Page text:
Carers will be less stressed, happier and more satisfied in their ability to provide in their caring role. Their children will be happier, more confident and both children and carers will feel welcomed into a supportive, understanding community with whom they can form lifelong friendships.
The support provided four times each week and additional one to one support where needed has given carers, deaf children, young people and their siblings many opportunities to either have a break, or to engage with and enjoy the activities; or to appreciate the companionship and support network it has provided. All of which has been delivered in a fully inclusive digital environment supported by our staff & two BSL/English Interpeters and when needed also live onscreen digital transcription. We know from our young people and their carers how welcome this has been and how they have seen first hand the improvement in how happy they are, their confidence and self-esteem. This reduces stress and anxiety for all family members.
Our Zoom Club has been a lifeline to child F and her family. The online Zoom Clubs have allowed Child F’s parents to receive respite whilst their child joins in with our activities. This also allows her parents to source any Family Support advice they may need or to ask what the sign is for a certain word. For Child F, this has introduced her to a new group of new friends, who understand her, and how to communicate with her. She is now excited to attend the clubs 3 times per week and is often waiting to join the Zoom sessions much earlier than required. She likes to tell her friends and staff about all the exciting trips she's had to the park and to watch what her friends have done and have planned. Child F also has fun, exciting activities, and events to look forward to at WSDCS that are all guaranteed to be deaf friendly with all of her communication needs being met. All of the clubs/ events are open to the whole family which has meant that Child F and her twin brother are able to do this together. Child F family and staff have noticed a huge difference as her confidence has soared and she is now often leading conversation, is confident to make decisions and also proud of being deaf, just like her friends. As she sees other deaf children signing, staff and interpreters; her signing and vocabulary has improved massively, as has her parents. She was offered BSL tuition as were her parents, siblings, and grandparents which they grasped and have been told this has strengthened the bond that they have and has also made family life much easier and happier. Her parents are more confident signing and have also really enjoyed the support received from the charity. The result has been that Child F mood has improved and WSDCS have been told that she is now a ‘happy child’. Mum says: Our children have loved participating in the Zoom sessions. The packs they have been provided with are outstanding & cover such a wide range of skills and interests. The club is so inclusive to everyone's needs & each team member is so welcoming, friendly & engaging with the children & show a genuine interest in them all. Our experience has been welcoming, fun, engaging, interactive & inclusive. The clubs have enabled her to widen her group of deaf peers and role models & increased interaction with them. The sessions are fully interpreted which ensures equality for all. It has been an amazing experience & we are so thankful for the amazing work the team do. It's had a significant impact on our whole family & enabled increased communication & deaf awareness which ultimately has had a positive impact to her wellbeing & development."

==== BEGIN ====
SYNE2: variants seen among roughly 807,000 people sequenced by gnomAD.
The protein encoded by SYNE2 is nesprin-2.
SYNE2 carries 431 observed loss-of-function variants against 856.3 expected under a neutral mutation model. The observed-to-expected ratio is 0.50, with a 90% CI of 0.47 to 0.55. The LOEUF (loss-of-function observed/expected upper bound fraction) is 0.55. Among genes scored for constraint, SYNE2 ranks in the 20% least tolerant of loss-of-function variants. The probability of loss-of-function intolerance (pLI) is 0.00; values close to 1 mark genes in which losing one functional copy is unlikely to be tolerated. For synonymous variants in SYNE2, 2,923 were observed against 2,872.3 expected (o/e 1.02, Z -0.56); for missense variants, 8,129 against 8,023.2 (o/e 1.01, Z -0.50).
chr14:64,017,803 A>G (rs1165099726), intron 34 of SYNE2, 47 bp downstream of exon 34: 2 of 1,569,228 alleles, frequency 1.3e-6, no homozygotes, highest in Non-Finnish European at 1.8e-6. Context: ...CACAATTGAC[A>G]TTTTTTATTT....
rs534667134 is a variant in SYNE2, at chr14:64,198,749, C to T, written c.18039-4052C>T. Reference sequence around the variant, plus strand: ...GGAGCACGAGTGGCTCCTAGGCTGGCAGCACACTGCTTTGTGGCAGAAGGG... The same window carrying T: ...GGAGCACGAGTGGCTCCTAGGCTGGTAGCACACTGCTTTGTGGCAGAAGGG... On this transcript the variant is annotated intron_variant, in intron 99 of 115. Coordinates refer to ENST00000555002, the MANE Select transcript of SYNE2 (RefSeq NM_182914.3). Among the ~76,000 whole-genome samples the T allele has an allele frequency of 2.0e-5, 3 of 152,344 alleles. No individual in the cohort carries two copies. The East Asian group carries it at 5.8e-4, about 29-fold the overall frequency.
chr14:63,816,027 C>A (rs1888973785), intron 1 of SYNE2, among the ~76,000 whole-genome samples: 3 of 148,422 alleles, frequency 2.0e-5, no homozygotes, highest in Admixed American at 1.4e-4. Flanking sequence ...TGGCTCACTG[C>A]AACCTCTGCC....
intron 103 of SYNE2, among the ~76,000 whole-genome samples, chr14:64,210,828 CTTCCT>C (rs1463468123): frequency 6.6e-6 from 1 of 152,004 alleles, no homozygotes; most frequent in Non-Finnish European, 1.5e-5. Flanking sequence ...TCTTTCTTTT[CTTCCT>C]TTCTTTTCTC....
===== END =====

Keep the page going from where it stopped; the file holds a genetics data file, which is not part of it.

Additional project outcome
Improved deaf awareness throughout mainstream service providers and establishments. We aimed to achieve a greater availability of accessible activities for deaf children and a greater awareness amongst service providers of their needs.
Despite the pandemic and the resultant need to move all our activities onto a digital platform, we still managed to achieve this by arranging to have a number of activities & workshops led by outside service providers. We shared with them our experiences as either deaf adults, parents and siblings of deaf children/young people, and provided some deaf awareness training to ensure they would feel comfortable and confident and that our children would be able to fully engage in the activity. These included an art class, magic shows, a Zumba class, a keep fit class, and we are currently planning a digital collaboration with Ayr Farm Park. Some of the activities were led by deaf adults which meant the children not only enjoyed a fun activity, they got to see role models working in their chosen field which was inspiring. Those who led activities who were themselves hearing and hadn't previously worked with deaf children, saw how with the right support, deaf awareness and BSL Interpreters, all of our children were able to fully participate and enjoy all the same activities their hearing peers can. The result of which was a relaxed, fun and enjoyable time was had by everyone! All of the people involved in these activities and workshop providers enjoyed the experience and were keen to come back for a return visit and this can only serve to improve the provision and delivery from mainstream service providers.